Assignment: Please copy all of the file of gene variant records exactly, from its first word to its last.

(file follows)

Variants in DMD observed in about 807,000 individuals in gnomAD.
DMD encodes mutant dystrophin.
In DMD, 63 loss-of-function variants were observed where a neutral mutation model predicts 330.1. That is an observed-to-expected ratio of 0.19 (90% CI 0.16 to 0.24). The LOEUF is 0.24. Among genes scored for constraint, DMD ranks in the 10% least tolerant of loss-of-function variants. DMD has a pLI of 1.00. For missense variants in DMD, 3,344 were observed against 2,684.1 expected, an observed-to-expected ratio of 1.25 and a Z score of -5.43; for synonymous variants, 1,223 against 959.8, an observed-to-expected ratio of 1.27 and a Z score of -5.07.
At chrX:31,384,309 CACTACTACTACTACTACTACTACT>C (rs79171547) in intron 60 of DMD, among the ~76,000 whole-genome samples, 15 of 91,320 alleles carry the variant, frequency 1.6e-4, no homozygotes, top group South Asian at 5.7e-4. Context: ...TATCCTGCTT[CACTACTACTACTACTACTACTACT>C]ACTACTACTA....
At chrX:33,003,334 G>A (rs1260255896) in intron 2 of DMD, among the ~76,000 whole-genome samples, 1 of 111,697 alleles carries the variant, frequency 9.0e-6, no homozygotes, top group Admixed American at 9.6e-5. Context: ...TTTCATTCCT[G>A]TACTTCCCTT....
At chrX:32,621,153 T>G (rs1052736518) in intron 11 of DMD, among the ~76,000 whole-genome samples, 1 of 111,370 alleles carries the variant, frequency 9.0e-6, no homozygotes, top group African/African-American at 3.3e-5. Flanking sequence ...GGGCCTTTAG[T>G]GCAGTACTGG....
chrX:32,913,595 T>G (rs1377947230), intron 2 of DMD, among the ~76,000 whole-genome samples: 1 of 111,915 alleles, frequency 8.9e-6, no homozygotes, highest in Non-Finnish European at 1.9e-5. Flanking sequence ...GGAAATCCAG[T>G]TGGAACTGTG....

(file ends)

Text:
Variants in DMD observed in about 807,000 individuals in gnomAD.
DMD encodes mutant dystrophin.
In DMD, 63 loss-of-function variants were observed where a neutral mutation model predicts 330.1. That is an observed-to-expected ratio of 0.19 (90% CI 0.16 to 0.24). The LOEUF is 0.24. Among genes scored for constraint, DMD ranks in the 10% least tolerant of loss-of-function variants. DMD has a pLI of 1.00. For missense variants in DMD, 3,344 were observed against 2,684.1 expected, an observed-to-expected ratio of 1.25 and a Z score of -5.43; for synonymous variants, 1,223 against 959.8, an observed-to-expected ratio of 1.27 and a Z score of -5.07.
At chrX:31,384,309 CACTACTACTACTACTACTACTACT>C (rs79171547) in intron 60 of DMD, among the ~76,000 whole-genome samples, 15 of 91,320 alleles carry the variant, frequency 1.6e-4, no homozygotes, top group South Asian at 5.7e-4. Context: ...TATCCTGCTT[CACTACTACTACTACTACTACTACT>C]ACTACTACTA....
At chrX:33,003,334 G>A (rs1260255896) in intron 2 of DMD, among the ~76,000 whole-genome samples, 1 of 111,697 alleles carries the variant, frequency 9.0e-6, no homozygotes, top group Admixed American at 9.6e-5. Context: ...TTTCATTCCT[G>A]TACTTCCCTT....
At chrX:32,621,153 T>G (rs1052736518) in intron 11 of DMD, among the ~76,000 whole-genome samples, 1 of 111,370 alleles carries the variant, frequency 9.0e-6, no homozygotes, top group African/African-American at 3.3e-5. Flanking sequence ...GGGCCTTTAG[T>G]GCAGTACTGG....
chrX:32,913,595 T>G (rs1377947230), intron 2 of DMD, among the ~76,000 whole-genome samples: 1 of 111,915 alleles, frequency 8.9e-6, no homozygotes, highest in Non-Finnish European at 1.9e-5. Flanking sequence ...GGAAATCCAG[T>G]TGGAACTGTG....